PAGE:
Kris: Race for the Galaxy never really grabbed my attention the way it did with Dave. I played it twice and must say I found it more complex and overwhelming than the other players did. Thus, I spent the period of time Dave checked out Roll feeding quarters into Reaper’s gumball machine amassing as many cool Bones miniatures as I could. However, I like the element of randomness that dice rolling adds to any game. Given that, this might be the version of an already popular game that manages to sink its claws into my brain.
David: I’m not the biggest party game fan, but Billionaire Banshee is pretty fun (and quick enough that as long as you don’t play it into the ground it will stay that way). On your turn you flip a perk and a quirk of a person to hypothetically hookup with, you secretly pick whether you’d date or deny them and then your friends all try and guess your answer. It’s funny, it’s inappropriate and it uses 8-bit art – and though 8-bit art is feeling about as played out as zombies these days – those are all the touching points of a successful party game.
Kris: One of the first cards we came across in our first game of Billionaire Banshee was “Butt Stuff”. Oddly enough, I can’t remember if that was a perk or a quirk. Regardless, this is a fun little game. After a few rounds, our friends made our own rules that basically turned Billionaire Banshee into our own version of Comedy Bang! Bang!’s Would You Rather? I’d argue that’s a significant strength in a game. We could build on the already salacious cards, making them even more ridiculous as we played. Plus, designer Steven “Razlo” Bailey spent a good ten minutes discussing Japanese wrestling with us. Bonus points!
DUNGEON FIGHTER (iello, 2014)
David: It’s fun seeing more and more games of skill coming out these days. After spending a couple of hours building a Medieval farm or banishing an ancient Lovecraftian horror, giving the right brain a break while you roll dice from under-the-leg to land onto a target damage board is a welcome change of pace. Somewhere between party game and board game, games like Dungeon Fighter offer up something that most everyone can appreciate. It’s cooperative too, so everyone’s on their feet, rooting you on.
Kris: I wouldn’t necessarily call Dungeon Fighter (again, not to be confused with Dungeon Fighter Online. Let’s make up some original game titles, people!) a party game. I’d say it’s a board game with dexterity elements. Players team up to explore dungeons and fight various monsters along the way. The monster battles are where things get interesting. There are three main dice (red, green and blue) that correspond with a special ability belonging to each character. There is also a pool of white dice available to all players. The catch is that once a player rolls a dice of a certain color that color is no longer available to other players. This adds a small amount of teamwork and planning to the often hilarious, dexterous dice rolls that follow. Players must bounce dice off of the table and onto a target to determine how much damage (if any) they will inflict on a monster. If their chosen die lands with its symbol facing up, that player’s special power activates. Dungeon Fighter seems like a feasible alternative to get players out of their seats between marathon rounds of D&D or Axis & Allies. As an added bonus, the artwork is light, playful, and very high quality. It sort of reminds me of the cover of a Terry Pratchett novel.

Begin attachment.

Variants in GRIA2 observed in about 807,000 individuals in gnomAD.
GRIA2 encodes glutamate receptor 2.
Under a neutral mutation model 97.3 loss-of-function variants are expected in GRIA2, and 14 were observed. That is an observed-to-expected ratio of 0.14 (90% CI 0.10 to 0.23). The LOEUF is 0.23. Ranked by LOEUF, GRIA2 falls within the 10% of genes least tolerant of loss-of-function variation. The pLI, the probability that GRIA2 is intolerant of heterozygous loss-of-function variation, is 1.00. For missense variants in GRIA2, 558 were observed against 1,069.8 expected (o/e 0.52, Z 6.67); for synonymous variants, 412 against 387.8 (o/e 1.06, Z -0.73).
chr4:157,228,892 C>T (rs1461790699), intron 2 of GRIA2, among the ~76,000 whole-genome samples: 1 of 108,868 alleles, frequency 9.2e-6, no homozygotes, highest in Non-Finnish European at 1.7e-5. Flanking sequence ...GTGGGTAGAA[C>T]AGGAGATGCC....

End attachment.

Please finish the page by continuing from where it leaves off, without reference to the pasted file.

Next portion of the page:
COCONUTS & COCONUTS DUO (Mayday Games, 2013)
David: I was pretty skeptical when Kris picked up this game. Flinging coconuts into baskets from a little plastic monkey? What seemed silly and childish quickly became a good-hearted, emotionally-charged game of skill as we lined up are monkeys and drew back their spring-loaded arms. It also quickly became a drinking game.
Kris: I’ll admit it. This was my favorite game of the convention. I was thrilled to see it, and purchased it immediately. I’ve been excited to get my hands on Coconuts when I first learned of its hardcore following and tournament circuit in South Korea. Maybe my brain is just getting softer as I age. Perhaps I’m burning out on rules-intensive gaming. Whatever the cause, this game is just what I needed. 95% dexterity with 5% tactical card playing turned out to be just the right combination of what I was looking for. It’s just as appropriate for kids as it is for adults, and it can be played as a quick diversion or a lengthy tournament. The addition of Coconuts Duo is awesome as it turns a three-to-four-player game into a two-to-six-player game when combined with the original. Kudos to Mayday for seeing the simple brilliance of this game and purchasing North American distribution rights. Laugh at me all you like. I’ll have a blast playing with my Coconuts.
CASTLE ASSAULT (MomentumVolsk LLC, unreleased)
David: The jury’s still out for me on the whole combat lane mechanic. Part of me thinks it’s overly simple and confining but another part of me thinks that I haven’t played them enough to pick up on the nuances. Either way, Castle Assault is a quick and fun enough take on the style. With a number of race decks to choose from (undead, vampires, elves, humans, etc) players are pitted head-to-head in a, you guessed it, castle assault. Each deck has its unique strengths and weakness, and the designers did a great job of fitting those within the game. Great art too.
Kris: In another somewhat rare occurrence where Dave and I disagree, I’m totally into combat lanes. I’m not sure if there are a lot of nuances to pick up as much as it’s just a case of surrendering to certain limitations. I like that each playable race not only has its unique tactical advantages, but they also have completely different art styles on their cards designed by a different artist for each race. Our game was awesome in that the ending came along in a totally unexpected fashion. I thought I was in a great position to take Dave’s castle out, when he suddenly wiped out my castle’s hit points in a single attack. It was one of those moments for which we all play games. I’m not saying every single instance of Castle Assault will play out as such, but it’s a game that certainly has that potential.
…and that’s all for the games of Origins! Be sure to come back in a little over a month as we bring to you the games of Gen Con 2015.